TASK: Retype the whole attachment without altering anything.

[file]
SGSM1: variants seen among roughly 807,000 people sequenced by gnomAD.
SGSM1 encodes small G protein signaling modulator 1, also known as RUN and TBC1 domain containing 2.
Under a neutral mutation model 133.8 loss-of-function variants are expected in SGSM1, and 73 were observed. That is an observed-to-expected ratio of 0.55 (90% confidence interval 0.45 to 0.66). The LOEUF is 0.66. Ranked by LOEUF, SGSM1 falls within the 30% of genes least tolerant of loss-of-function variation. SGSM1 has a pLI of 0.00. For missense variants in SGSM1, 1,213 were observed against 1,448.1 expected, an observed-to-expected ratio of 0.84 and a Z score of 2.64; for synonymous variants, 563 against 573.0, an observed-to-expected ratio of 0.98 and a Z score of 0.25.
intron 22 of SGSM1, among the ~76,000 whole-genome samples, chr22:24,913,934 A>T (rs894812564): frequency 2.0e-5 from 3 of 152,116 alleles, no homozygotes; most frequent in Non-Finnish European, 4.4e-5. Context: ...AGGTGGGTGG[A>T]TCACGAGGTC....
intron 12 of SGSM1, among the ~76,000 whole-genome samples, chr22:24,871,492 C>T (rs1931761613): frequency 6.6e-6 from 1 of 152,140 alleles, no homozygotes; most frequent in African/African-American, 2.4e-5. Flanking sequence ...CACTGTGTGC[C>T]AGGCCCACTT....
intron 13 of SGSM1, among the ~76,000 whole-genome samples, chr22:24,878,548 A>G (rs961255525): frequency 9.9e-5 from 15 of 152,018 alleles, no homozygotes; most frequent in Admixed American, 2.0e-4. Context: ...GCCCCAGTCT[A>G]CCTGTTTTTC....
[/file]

SGSM1: variants seen among roughly 807,000 people sequenced by gnomAD.
SGSM1 encodes small G protein signaling modulator 1, also known as RUN and TBC1 domain containing 2.
Under a neutral mutation model 133.8 loss-of-function variants are expected in SGSM1, and 73 were observed. That is an observed-to-expected ratio of 0.55 (90% confidence interval 0.45 to 0.66). The LOEUF is 0.66. Ranked by LOEUF, SGSM1 falls within the 30% of genes least tolerant of loss-of-function variation. SGSM1 has a pLI of 0.00. For missense variants in SGSM1, 1,213 were observed against 1,448.1 expected, an observed-to-expected ratio of 0.84 and a Z score of 2.64; for synonymous variants, 563 against 573.0, an observed-to-expected ratio of 0.98 and a Z score of 0.25.
intron 22 of SGSM1, among the ~76,000 whole-genome samples, chr22:24,913,934 A>T (rs894812564): frequency 2.0e-5 from 3 of 152,116 alleles, no homozygotes; most frequent in Non-Finnish European, 4.4e-5. Context: ...AGGTGGGTGG[A>T]TCACGAGGTC....
intron 12 of SGSM1, among the ~76,000 whole-genome samples, chr22:24,871,492 C>T (rs1931761613): frequency 6.6e-6 from 1 of 152,140 alleles, no homozygotes; most frequent in African/African-American, 2.4e-5. Flanking sequence ...CACTGTGTGC[C>T]AGGCCCACTT....
intron 13 of SGSM1, among the ~76,000 whole-genome samples, chr22:24,878,548 A>G (rs961255525): frequency 9.9e-5 from 15 of 152,018 alleles, no homozygotes; most frequent in Admixed American, 2.0e-4. Context: ...GCCCCAGTCT[A>G]CCTGTTTTTC....